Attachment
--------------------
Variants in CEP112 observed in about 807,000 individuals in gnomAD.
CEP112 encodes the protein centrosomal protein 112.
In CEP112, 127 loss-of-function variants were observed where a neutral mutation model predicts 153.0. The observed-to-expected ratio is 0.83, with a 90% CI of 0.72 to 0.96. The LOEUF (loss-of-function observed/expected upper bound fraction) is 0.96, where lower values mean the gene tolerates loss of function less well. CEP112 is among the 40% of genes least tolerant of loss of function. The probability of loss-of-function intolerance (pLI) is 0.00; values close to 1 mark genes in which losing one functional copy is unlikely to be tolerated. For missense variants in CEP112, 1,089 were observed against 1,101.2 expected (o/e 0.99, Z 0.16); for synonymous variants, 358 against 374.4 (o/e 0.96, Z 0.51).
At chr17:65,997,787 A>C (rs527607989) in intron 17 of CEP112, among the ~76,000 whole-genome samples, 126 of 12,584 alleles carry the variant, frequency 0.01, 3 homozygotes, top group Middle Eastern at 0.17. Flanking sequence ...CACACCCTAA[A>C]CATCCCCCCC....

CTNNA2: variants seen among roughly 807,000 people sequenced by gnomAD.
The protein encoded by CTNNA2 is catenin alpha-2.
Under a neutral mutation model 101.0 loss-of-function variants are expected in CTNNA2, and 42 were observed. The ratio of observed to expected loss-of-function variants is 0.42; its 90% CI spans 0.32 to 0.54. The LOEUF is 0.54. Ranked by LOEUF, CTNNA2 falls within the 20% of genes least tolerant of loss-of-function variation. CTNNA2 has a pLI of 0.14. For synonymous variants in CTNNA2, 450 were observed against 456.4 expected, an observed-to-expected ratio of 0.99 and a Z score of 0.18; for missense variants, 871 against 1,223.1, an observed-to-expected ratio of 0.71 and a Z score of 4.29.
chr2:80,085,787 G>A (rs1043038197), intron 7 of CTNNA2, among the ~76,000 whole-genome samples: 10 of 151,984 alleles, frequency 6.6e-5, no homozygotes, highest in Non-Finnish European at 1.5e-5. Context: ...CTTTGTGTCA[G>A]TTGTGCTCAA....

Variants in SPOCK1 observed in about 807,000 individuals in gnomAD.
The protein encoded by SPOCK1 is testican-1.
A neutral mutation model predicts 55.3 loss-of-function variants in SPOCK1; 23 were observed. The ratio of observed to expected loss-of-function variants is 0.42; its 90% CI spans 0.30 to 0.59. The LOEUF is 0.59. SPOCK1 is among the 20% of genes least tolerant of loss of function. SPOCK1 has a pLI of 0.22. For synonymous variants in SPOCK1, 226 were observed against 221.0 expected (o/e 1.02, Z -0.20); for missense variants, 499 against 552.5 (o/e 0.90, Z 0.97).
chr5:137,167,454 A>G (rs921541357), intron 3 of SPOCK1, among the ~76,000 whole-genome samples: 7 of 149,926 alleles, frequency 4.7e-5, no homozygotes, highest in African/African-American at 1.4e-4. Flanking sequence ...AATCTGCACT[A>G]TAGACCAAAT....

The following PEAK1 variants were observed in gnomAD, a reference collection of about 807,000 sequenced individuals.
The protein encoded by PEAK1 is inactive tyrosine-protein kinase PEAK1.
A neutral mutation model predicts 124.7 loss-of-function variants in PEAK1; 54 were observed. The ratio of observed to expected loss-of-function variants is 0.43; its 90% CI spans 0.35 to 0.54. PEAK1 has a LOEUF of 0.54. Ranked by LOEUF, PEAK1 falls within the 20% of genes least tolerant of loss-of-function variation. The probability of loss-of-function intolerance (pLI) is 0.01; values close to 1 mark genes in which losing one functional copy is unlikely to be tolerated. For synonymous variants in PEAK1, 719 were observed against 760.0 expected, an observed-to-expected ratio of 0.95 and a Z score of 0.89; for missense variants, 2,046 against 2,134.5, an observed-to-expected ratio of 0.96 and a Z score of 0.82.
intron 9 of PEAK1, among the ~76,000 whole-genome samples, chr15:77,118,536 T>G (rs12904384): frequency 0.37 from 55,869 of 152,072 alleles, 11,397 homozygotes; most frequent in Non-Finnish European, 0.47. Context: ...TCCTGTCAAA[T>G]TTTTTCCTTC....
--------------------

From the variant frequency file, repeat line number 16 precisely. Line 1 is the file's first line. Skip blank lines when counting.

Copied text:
intron 9 of PEAK1, among the ~76,000 whole-genome samples, chr15:77,118,536 T>G (rs12904384): frequency 0.37 from 55,869 of 152,072 alleles, 11,397 homozygotes; most frequent in Non-Finnish European, 0.47. Context: ...TCCTGTCAAA[T>G]TTTTTCCTTC....